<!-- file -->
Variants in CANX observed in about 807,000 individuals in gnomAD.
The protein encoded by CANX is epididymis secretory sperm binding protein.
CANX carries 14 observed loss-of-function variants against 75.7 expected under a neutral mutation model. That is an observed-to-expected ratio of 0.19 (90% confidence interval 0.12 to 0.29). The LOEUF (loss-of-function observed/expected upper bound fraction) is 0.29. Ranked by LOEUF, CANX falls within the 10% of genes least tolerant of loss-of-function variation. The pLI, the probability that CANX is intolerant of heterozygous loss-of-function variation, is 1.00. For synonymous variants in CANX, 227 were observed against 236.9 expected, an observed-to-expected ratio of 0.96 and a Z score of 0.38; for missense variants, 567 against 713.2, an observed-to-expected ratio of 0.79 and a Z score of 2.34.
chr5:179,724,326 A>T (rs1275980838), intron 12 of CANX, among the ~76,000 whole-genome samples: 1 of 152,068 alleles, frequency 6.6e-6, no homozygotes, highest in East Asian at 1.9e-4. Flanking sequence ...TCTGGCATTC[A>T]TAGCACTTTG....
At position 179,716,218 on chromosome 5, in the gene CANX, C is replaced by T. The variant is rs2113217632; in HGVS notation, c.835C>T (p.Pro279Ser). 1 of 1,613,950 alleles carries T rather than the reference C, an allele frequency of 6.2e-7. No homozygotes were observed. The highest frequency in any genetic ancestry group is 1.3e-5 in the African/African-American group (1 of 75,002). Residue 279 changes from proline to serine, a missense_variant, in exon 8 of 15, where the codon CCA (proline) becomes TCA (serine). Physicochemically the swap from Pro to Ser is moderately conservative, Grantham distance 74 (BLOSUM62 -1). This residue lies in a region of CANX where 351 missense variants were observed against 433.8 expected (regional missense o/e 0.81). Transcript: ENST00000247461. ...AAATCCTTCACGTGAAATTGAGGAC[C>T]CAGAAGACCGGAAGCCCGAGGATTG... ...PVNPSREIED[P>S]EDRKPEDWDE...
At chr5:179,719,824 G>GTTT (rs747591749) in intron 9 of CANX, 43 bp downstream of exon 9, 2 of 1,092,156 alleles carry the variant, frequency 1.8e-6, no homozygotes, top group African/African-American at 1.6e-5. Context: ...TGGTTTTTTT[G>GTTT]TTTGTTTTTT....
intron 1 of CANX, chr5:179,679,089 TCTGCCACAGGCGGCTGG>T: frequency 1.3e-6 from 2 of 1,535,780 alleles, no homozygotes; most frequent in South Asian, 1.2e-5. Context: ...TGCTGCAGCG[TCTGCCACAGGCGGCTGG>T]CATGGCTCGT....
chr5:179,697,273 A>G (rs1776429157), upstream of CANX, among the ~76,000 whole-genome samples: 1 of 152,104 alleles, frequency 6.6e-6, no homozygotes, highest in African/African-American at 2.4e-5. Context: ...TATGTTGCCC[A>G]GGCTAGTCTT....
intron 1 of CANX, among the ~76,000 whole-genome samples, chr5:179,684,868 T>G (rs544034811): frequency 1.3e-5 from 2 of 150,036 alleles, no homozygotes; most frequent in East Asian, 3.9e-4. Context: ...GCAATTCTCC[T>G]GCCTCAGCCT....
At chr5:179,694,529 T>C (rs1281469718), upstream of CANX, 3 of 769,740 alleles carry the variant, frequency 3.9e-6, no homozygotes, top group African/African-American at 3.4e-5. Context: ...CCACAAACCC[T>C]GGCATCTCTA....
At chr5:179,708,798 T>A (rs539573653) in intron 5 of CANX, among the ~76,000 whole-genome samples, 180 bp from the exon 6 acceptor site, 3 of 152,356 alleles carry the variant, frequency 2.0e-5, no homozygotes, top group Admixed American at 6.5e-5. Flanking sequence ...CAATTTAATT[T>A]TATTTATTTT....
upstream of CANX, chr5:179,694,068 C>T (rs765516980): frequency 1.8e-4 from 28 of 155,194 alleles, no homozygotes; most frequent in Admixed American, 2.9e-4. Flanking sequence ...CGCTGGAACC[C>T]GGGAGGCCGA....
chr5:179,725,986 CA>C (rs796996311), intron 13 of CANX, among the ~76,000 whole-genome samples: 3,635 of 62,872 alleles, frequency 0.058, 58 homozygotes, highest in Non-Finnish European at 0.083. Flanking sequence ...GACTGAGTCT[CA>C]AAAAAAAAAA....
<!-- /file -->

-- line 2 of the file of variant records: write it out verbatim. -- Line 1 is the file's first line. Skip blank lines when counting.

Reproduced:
The protein encoded by CANX is epididymis secretory sperm binding protein.